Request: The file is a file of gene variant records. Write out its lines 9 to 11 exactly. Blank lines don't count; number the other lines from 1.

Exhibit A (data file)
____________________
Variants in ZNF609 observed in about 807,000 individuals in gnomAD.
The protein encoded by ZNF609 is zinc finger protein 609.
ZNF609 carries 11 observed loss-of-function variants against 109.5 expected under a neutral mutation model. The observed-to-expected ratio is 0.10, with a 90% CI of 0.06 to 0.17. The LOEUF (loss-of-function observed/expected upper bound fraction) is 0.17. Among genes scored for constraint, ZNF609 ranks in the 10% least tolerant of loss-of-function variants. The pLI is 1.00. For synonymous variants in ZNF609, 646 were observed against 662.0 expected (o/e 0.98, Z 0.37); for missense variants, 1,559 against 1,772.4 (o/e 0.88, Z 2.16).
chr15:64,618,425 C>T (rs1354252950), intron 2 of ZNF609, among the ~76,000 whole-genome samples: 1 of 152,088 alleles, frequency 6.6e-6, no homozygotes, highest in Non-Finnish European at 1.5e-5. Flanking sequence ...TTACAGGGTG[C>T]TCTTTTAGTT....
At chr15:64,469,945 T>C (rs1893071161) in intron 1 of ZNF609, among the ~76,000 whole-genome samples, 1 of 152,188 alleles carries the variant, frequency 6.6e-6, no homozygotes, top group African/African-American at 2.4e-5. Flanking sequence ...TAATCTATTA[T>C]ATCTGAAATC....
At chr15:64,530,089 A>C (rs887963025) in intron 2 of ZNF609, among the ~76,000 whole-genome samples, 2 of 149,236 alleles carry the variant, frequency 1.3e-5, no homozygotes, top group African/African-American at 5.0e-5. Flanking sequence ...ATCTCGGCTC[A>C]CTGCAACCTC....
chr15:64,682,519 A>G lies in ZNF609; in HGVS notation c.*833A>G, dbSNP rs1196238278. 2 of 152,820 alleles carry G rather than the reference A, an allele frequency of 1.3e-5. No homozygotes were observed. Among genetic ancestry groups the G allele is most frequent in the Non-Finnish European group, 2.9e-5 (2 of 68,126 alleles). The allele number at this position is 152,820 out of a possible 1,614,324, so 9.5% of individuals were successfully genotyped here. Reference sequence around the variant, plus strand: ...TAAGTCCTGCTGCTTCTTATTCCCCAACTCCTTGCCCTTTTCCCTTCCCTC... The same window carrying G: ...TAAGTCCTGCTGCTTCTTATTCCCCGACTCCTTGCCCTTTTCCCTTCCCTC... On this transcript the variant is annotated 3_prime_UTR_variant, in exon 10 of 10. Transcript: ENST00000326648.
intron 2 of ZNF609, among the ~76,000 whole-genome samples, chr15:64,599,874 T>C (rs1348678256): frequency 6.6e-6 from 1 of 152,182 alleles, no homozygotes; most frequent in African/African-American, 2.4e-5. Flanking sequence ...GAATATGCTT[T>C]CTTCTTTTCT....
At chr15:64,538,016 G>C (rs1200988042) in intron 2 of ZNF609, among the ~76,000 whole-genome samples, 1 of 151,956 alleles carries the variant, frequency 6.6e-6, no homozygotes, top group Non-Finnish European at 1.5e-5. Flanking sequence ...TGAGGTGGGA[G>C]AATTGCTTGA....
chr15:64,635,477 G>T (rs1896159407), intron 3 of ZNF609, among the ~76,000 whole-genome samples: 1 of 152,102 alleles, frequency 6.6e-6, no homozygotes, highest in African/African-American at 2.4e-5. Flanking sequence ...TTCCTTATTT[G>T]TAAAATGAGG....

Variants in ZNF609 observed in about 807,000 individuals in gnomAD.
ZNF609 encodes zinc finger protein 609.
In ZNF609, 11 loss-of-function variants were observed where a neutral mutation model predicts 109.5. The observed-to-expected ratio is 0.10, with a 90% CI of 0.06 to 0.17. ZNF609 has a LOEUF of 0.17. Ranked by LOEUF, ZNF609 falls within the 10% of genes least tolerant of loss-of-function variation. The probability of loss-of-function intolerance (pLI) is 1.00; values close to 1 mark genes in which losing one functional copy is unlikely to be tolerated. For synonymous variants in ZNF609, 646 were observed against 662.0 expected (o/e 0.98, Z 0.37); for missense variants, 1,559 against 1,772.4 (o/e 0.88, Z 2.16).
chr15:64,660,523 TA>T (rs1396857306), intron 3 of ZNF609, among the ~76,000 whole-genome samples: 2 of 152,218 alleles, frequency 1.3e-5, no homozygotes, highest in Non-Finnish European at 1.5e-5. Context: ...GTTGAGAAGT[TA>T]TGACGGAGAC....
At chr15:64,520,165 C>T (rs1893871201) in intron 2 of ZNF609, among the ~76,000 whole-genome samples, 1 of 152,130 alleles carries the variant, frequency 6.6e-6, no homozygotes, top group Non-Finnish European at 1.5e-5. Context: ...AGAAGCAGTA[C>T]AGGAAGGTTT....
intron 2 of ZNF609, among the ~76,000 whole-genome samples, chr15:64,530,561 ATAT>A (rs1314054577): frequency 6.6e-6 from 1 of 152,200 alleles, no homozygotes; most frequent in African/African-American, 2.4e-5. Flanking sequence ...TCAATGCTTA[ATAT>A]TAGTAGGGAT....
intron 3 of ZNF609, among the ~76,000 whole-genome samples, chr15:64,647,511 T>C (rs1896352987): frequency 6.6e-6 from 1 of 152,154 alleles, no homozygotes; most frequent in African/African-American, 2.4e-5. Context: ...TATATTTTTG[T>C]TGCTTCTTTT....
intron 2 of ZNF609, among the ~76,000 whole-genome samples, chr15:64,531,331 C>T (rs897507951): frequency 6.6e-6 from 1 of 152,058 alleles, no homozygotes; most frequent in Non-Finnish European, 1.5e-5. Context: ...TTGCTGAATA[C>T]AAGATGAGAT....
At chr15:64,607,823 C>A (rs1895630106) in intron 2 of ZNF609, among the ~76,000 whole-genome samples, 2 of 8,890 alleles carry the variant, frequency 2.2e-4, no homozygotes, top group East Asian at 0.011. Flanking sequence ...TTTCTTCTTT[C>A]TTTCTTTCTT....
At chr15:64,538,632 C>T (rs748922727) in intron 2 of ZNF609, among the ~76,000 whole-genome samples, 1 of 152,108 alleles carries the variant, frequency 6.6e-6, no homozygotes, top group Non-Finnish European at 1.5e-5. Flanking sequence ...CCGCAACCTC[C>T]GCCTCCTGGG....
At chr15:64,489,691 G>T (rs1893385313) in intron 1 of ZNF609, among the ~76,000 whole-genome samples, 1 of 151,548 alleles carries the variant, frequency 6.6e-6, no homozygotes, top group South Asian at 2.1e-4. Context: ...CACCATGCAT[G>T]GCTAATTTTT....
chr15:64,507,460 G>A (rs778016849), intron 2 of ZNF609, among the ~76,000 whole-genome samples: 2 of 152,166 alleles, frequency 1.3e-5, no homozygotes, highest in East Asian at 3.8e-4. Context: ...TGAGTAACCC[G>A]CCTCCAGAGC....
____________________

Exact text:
At chr15:64,538,016 G>C (rs1200988042) in intron 2 of ZNF609, among the ~76,000 whole-genome samples, 1 of 151,956 alleles carries the variant, frequency 6.6e-6, no homozygotes, top group Non-Finnish European at 1.5e-5. Flanking sequence ...TGAGGTGGGA[G>C]AATTGCTTGA....
chr15:64,635,477 G>T (rs1896159407), intron 3 of ZNF609, among the ~76,000 whole-genome samples: 1 of 152,102 alleles, frequency 6.6e-6, no homozygotes, highest in African/African-American at 2.4e-5. Flanking sequence ...TTCCTTATTT[G>T]TAAAATGAGG....

Variants in ZNF609 observed in about 807,000 individuals in gnomAD.